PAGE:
BURNET, Texas (KXAN) — Nearly 30 residents in Silver Creek, a small rural community on Lake Buchanan in Burnet County, will likely have to wait two years to protest a liquor license issued by the Texas Alcoholic Beverage Commission, or TABC, for a new bar opening directly across the road from their neighborhood, because the address listed for the establishment was wrong on TABC’s website.
Janece Rolfe and her husband Paul moved to the area on Lake Buchanan after retiring nine years ago.
“We love it here. It’s a quiet and peaceful place,” Rolfe said.
Now, Rolfe told KXAN she — along with nearly 30 other residents — are concerned the quiet and peaceful nature of Silver Creek is in jeopardy.
Rolfe said a sign was posted in April in front of a small vacant building directly across from the entrance to her neighborhood.
The sign read, “Shadow and Light Bar Coming Soon!”
According to the Burnet Central Appraisal District, the proposed bar sits on less than a quarter-acre of land located on a two-lane ranch road in an unincorporated part of the county.
The property size, location and road conditions are some of the things Rolfe intended to address in her protest to TABC. Among the concerns Rolfe outlined in the protest she prepared for TABC was a school bus dropping children off on a private road next to the bar.
“Their safety will be threatened by patrons entering the small and what surely will be a congested parking area, as well as by patrons exiting the area onto a narrow, dangerous county road,” Rolfe said.
KXAN spoke to the proposed bar owner who said he was aware some neighbors had concerns and felt he had previously addressed them.
The owner told KXAN there will be no live music at the bar and said it’s intended to be a relaxed, family-friendly place where locals can conveniently get food and drinks.
The owner further explained he grew up in this area and currently has family who lives in the neighborhood.
“The property has been in my family for 30 years. This has always been a dream of mine,” he said.
New bar coming to town
According to Rolfe, she learned in April the property owners were in the process of applying for their liquor license with TABC, so she began preparing the community’s protest to TABC issuing a license.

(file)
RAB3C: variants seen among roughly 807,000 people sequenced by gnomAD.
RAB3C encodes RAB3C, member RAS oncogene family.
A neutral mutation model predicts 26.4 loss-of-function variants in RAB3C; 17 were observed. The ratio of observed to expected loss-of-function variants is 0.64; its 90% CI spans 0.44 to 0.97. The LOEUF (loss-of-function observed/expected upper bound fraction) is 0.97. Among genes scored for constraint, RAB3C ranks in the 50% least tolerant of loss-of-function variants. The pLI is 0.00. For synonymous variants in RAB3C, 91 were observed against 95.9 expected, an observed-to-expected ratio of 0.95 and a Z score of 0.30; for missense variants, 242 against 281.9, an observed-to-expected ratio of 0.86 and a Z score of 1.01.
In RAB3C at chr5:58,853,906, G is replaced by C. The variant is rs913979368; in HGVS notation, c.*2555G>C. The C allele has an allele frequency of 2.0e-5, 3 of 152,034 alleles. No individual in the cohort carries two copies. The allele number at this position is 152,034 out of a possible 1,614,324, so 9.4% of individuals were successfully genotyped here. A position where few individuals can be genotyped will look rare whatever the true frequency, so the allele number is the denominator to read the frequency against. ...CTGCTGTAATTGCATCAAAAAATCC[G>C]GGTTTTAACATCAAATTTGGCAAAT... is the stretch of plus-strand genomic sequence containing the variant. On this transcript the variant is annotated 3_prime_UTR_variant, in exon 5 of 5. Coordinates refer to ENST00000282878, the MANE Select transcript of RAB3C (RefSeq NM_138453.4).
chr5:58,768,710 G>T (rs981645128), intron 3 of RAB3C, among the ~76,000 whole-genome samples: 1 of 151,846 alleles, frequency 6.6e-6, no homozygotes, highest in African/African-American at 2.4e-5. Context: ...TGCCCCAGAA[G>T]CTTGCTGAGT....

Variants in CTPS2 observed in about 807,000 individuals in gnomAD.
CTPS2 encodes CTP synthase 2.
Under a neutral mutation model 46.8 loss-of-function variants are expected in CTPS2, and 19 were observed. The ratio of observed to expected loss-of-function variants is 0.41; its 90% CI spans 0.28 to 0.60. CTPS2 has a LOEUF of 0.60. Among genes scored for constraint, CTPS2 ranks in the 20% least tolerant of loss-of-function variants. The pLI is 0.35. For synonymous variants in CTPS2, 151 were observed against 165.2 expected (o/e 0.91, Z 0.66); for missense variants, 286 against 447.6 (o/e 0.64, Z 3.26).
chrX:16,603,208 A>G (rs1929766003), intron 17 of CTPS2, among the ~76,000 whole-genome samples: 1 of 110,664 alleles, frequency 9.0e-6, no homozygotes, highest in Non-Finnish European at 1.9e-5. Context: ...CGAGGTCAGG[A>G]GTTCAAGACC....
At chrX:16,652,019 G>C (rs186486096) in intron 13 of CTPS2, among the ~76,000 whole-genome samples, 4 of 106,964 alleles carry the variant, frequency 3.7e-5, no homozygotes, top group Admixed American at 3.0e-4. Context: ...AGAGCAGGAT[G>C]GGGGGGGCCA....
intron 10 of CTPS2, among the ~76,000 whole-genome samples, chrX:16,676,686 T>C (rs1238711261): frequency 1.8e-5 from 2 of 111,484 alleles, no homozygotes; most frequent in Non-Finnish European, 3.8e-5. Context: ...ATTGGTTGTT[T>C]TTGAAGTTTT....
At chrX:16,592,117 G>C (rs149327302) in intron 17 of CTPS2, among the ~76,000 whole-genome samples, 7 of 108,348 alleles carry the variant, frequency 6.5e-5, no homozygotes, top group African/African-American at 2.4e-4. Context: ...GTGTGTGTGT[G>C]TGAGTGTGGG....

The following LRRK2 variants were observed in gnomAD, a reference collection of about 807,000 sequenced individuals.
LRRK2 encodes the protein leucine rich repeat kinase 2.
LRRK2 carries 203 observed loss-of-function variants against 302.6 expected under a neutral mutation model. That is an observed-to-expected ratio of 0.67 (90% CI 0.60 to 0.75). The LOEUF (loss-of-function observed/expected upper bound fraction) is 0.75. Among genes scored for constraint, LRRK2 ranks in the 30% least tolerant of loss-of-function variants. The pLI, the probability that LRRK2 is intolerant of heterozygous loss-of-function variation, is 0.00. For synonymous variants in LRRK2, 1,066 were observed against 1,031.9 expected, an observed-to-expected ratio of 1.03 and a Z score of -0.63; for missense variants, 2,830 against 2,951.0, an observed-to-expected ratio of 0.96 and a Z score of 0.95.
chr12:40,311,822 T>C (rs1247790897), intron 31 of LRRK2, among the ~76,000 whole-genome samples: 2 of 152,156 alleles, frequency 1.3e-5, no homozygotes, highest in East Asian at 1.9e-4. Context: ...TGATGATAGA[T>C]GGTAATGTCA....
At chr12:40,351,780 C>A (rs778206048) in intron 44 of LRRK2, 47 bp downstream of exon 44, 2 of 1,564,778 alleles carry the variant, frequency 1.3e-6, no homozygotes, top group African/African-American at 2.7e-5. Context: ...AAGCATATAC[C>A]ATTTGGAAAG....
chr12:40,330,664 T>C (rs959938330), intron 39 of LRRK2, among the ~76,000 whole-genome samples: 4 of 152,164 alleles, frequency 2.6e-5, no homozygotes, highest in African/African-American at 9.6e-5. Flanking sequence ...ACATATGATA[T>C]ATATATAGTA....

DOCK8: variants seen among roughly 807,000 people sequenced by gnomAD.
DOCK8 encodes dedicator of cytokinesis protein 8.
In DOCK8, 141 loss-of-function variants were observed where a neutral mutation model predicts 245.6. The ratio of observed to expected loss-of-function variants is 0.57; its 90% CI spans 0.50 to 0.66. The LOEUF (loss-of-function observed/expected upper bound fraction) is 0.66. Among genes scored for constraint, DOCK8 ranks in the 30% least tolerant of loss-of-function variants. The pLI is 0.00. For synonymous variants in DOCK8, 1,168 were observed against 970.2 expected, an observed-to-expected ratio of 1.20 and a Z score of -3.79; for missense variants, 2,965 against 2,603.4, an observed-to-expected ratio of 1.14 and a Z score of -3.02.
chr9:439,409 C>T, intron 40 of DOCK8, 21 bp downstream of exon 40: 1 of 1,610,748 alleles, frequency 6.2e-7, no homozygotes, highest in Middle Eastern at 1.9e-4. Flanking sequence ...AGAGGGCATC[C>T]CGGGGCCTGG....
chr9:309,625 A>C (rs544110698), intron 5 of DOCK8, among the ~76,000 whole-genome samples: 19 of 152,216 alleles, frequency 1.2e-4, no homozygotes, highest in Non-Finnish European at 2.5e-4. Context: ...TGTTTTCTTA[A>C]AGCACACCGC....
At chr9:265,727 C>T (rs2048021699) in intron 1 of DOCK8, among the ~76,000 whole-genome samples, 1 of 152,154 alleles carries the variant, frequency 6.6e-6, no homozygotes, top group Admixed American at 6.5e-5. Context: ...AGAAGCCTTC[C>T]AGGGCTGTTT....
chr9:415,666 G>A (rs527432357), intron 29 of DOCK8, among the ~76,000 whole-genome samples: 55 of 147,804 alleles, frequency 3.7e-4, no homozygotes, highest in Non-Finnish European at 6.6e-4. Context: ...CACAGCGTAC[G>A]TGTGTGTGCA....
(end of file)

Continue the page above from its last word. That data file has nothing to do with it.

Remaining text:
The TABC’s protest process lets certain public officials “challenge a business’s alcohol license or permit application if they believe there is a risk to public safety,” according to its website. Members of the public can also protest if they live within 300 feet of the business.
In the months to follow, Rolfe gathered signatures from nearly 30 neighbors who were all planning to protest the new bar once the owners applied for a license with TABC.
It wasn’t until August that Rolfe said she was informed the local newspaper had published a public notice on June 24 stating an application for a Mixed Beverage Permit and a Mixed Beverage Late Hours Permit was submitted to TABC.
The window to protest the application had passed.
According to TABC, protests must be filed on new applications within 15 days from when TABC posts the application as “pending.”
“We didn’t know TABC received the application. There was no record of it ever being filed on the TABC website,” Rolfe said.
Issues finding the permit online
Rolfe said she reached out to TABC to understand why she couldn’t locate the application. In response, TABC told Rolfe it had not received an application for the property’s address, according to email records Rolfe provided to KXAN.
Rolfe told KXAN she referred back to the public notice in the newspaper and realized the address was incorrectly listed as “12307 Ranch Road 2341.”
According to the Burnet County property records, the correct address is “12037 Ranch Road 2341,” which was the address Rolfe said she searched for on TABC’s website.
Rolfe said she then entered the incorrect address in the TABC application status portal and for the first time found the records and saw TABC had already approved the bar’s permit.
KXAN reached out to TABC about the address error. TABC told KXAN it is currently investigating the matter to determine how this happened.
When KXAN asked the owner about the incorrect address, he said this was the first time he was made aware of the error and told KXAN his attorney completed and submitted all the application documents.
KXAN reached out to the attorney as well as TABC to request a copy of the original application to see if the address was submitted correctly. KXAN will update this story once a response is provided.
TABC further told KXAN regardless of the circumstances, the window to protest has lapsed and Rolfe and any other residents who wish to protest will likely have to wait two years, when the bar is required to renew its license.
TABC told KXAN once its investigation is completed, it will likely correct that address, and the permit will be valid.
According to TABC’s public information officer, this is the first time he is aware of something like this happening.